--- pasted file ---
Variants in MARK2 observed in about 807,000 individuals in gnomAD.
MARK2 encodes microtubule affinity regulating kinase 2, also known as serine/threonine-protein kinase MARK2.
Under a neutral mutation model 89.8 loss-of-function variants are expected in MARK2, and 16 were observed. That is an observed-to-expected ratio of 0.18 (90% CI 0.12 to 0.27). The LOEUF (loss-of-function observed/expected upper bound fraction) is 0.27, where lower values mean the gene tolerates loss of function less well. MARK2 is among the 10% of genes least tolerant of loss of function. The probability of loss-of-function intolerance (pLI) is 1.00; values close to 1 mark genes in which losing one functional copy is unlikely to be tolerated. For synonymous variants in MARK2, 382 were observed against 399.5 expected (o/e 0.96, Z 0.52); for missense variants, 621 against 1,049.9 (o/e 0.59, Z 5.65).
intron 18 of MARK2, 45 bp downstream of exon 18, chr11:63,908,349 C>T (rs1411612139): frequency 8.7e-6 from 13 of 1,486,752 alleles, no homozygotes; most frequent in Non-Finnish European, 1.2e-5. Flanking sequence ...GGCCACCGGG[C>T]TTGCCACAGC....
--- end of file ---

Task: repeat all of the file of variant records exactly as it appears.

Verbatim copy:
Variants in MARK2 observed in about 807,000 individuals in gnomAD.
MARK2 encodes microtubule affinity regulating kinase 2, also known as serine/threonine-protein kinase MARK2.
Under a neutral mutation model 89.8 loss-of-function variants are expected in MARK2, and 16 were observed. That is an observed-to-expected ratio of 0.18 (90% CI 0.12 to 0.27). The LOEUF (loss-of-function observed/expected upper bound fraction) is 0.27, where lower values mean the gene tolerates loss of function less well. MARK2 is among the 10% of genes least tolerant of loss of function. The probability of loss-of-function intolerance (pLI) is 1.00; values close to 1 mark genes in which losing one functional copy is unlikely to be tolerated. For synonymous variants in MARK2, 382 were observed against 399.5 expected (o/e 0.96, Z 0.52); for missense variants, 621 against 1,049.9 (o/e 0.59, Z 5.65).
intron 18 of MARK2, 45 bp downstream of exon 18, chr11:63,908,349 C>T (rs1411612139): frequency 8.7e-6 from 13 of 1,486,752 alleles, no homozygotes; most frequent in Non-Finnish European, 1.2e-5. Flanking sequence ...GGCCACCGGG[C>T]TTGCCACAGC....